The Irish Road to the White House


Except for a brief stint as a commissioner of docks, Murphy never held any public office, but no Tammany sachem before or after ever wielded as much power. He elected three governors (and had one of them, William Sulzer, impeached), three mayors, two senators, and innumerable judges, aldermen, assemblymen and congressmen. He successfully battled the greatest press baron of his day, William Randolph Hearst, and took Tammany to the threshold of the White House.

Where Croker was distant and dictatorial, Murphy was involved and supportive. According to one contemporary, Murphy “played umpire, not dictator,” and though he relied on Tammany’s everyday ranks of undistinguished ward heelers and party stalwarts, he went out of his way to promote men of talent to the top. Among them were U.S. Senator Robert Wagner and New York Governor Al Smith, two of the most capable and progressive political leaders in American history. In Al Smith, Murphy believed he might even be able to do the unimaginable and put an Irish Catholic in the White House.

Murphy didn’t start out as a reformer in the traditional sense. Reform stood for efficiency and economy in government, for the provision of public services through government agencies that acted with administrative neutrality, and the staffing of public jobs through a rigorous, non-political process of Civil Service testing. While he put an end to Tammany’s alliance with gamblers and brothel owners, reigned in the wanton, flagrant corruption that Croker both blessed and participated in, and promoted honest men like Wagner and Smith, Murphy wasn’t about to obliterate the Hall’s powers of patronage, which was the very basis of the machine.

The bond between Tammany and its constituents depended on profligacy and generosity, not efficiency and economy. The people have the right to expect, as James Michael Curley of Boston put it, “something nobler and higher than thrift in the man they elect.” When in need, the poor didn’t want to suffer the interrogation of by-the-book professionals. They wanted to turn to people like themselves who didn’t require a list of assets or reams of paperwork before they offered assistance. The contractors who regularly feasted on work steered their way by Tammany knew that, given their ethnic backgrounds and upstart operations, they’d probably be out of the running in an open competition against long-established, tightly managed firms run by well-trained professionals. Tammany’s supporters wanted a leg up, not a laissez-faire market.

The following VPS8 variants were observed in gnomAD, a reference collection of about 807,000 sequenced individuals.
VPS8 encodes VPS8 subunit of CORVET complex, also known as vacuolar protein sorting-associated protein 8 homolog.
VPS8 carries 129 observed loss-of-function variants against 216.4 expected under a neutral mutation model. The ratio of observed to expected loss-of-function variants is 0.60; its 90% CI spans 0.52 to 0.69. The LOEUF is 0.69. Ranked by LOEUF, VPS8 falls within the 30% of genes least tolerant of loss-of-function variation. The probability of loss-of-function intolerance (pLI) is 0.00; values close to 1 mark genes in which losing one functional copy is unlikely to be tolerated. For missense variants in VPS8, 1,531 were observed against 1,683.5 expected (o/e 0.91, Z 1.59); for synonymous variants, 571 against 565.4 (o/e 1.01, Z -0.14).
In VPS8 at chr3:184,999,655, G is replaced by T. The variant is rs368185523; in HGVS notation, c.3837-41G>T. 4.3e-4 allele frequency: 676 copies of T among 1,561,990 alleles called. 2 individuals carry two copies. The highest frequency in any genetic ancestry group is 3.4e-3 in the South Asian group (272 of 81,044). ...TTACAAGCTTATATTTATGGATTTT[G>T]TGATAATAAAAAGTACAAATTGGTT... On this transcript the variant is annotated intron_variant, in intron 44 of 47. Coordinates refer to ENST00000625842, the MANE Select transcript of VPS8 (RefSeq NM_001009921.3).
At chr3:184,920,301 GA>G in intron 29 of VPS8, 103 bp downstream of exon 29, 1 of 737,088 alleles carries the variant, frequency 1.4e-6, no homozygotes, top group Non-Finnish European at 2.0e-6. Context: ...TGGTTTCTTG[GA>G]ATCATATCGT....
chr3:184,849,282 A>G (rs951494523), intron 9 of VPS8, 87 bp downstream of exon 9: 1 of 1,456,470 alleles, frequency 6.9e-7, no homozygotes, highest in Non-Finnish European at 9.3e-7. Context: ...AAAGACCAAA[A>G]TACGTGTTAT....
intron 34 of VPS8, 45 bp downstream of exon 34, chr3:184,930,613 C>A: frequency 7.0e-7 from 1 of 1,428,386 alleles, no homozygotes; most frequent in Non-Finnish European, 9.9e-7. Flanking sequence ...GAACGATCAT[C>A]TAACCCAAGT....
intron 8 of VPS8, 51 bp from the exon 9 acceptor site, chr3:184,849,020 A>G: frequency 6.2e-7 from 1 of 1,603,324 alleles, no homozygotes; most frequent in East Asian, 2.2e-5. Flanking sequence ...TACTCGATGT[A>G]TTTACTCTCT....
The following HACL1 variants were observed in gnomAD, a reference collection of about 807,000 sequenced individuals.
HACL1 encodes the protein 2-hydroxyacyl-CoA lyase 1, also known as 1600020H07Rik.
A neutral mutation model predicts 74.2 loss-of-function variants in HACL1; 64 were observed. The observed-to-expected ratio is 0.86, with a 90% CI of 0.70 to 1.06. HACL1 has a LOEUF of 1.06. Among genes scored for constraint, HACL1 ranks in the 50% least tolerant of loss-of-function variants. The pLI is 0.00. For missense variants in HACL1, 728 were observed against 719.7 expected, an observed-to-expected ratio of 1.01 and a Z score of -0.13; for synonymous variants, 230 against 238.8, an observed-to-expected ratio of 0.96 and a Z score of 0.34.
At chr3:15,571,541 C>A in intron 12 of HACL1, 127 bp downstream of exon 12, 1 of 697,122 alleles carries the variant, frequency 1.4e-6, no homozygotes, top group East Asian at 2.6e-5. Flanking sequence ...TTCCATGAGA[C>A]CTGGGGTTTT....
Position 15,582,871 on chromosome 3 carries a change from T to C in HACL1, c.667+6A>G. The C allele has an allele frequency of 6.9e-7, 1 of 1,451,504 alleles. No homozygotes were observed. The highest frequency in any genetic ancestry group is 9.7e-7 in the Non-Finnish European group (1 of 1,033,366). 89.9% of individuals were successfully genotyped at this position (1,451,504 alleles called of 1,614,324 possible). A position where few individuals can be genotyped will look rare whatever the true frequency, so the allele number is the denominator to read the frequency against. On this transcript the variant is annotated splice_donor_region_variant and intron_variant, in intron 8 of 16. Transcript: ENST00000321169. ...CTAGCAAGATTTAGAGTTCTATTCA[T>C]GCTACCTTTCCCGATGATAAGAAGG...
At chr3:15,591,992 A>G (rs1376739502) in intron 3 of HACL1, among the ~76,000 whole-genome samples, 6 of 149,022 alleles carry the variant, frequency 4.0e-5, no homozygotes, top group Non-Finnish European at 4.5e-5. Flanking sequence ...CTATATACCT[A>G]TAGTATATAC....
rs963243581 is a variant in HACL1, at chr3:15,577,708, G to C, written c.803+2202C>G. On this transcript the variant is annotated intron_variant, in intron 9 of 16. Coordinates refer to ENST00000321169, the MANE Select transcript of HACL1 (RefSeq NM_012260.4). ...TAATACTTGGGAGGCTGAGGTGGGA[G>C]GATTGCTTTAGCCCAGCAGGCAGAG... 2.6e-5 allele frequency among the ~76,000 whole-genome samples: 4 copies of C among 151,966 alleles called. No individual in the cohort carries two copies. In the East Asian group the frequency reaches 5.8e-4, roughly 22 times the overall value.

Murphy appreciated and rewarded the loyalty of Tammany braves as part of the enduring underpinnings of the Hall’s power. But he also recognized that as America transformed itself into a hugely dynamic and impersonal industrial behemoth, the old-style politics couldn’t suffice. Neither handouts, nor baskets of coal, nor patronage jobs, nor even ad-hoc interventions by local leaders could protect the masses against the concentrated power of corporations and industrial combines or meet the long-term needs of millions of aged, disabled, underprivileged and unemployed. Yet if Tammany didn’t do something to help address these problems, Murphy came to realize, other organizations would and the Hall would shrivel into irrelevancy.

The standard-bearer of Murphy’s new form of machine politics was Al Smith. Like Murphy, Smith was a poor kid of Irish ancestry. (The Irish ethnicity of Smith’s mother, Catherine Mulvehill, herself the daughter of Famine immigrants, was the one he always identified with, though his father was a mix of Italian-German). He grew up on the Lower East Side. Born in 1873, Al Smith got no further in school than an eighth-grade education, but he too proved his worth on the streets, as an amateur actor and a worker at the Fulton Fish Market. He had the talents of a natural politician, and before long his local leader, Big Tom Foley, nominated him for state assembly.

Unsure at first, feeling out of place among legislators far better educated and experienced than he, Smith gradually rose to the challenge and became a master of the assembly’s rules and procedures. By 1911, eight years after being elected, he was the speaker. With Murphy’s backing, Smith began to advance an increasingly progressive agenda that included the country’s first compulsory workmen’s compensation law.

If there’s a moment from which to date the evolution of Tammany from a local political machine – which reflected the defensive crouch of Famine immigrants determined to deliver themselves from attempts by their soi-disant moral betters to control and shape their behavior – into an aggressive national force for progressive social change, it was March 25, 1911. On that day, 146 garment workers, mostly young Jewish and Italian women, perished in a fire at the Triangle Shirtwaist Company, in lower Manhattan. As a state legislator, writes Smith biographer Robert Slayton, “Smith had learned about the nuts and bolts of the political system, [but] what he lacked was a cause, a rationale for using that expertise. The Triangle Fire would provide that and more, as it would fundamentally alter how he viewed the very role of government in American life.”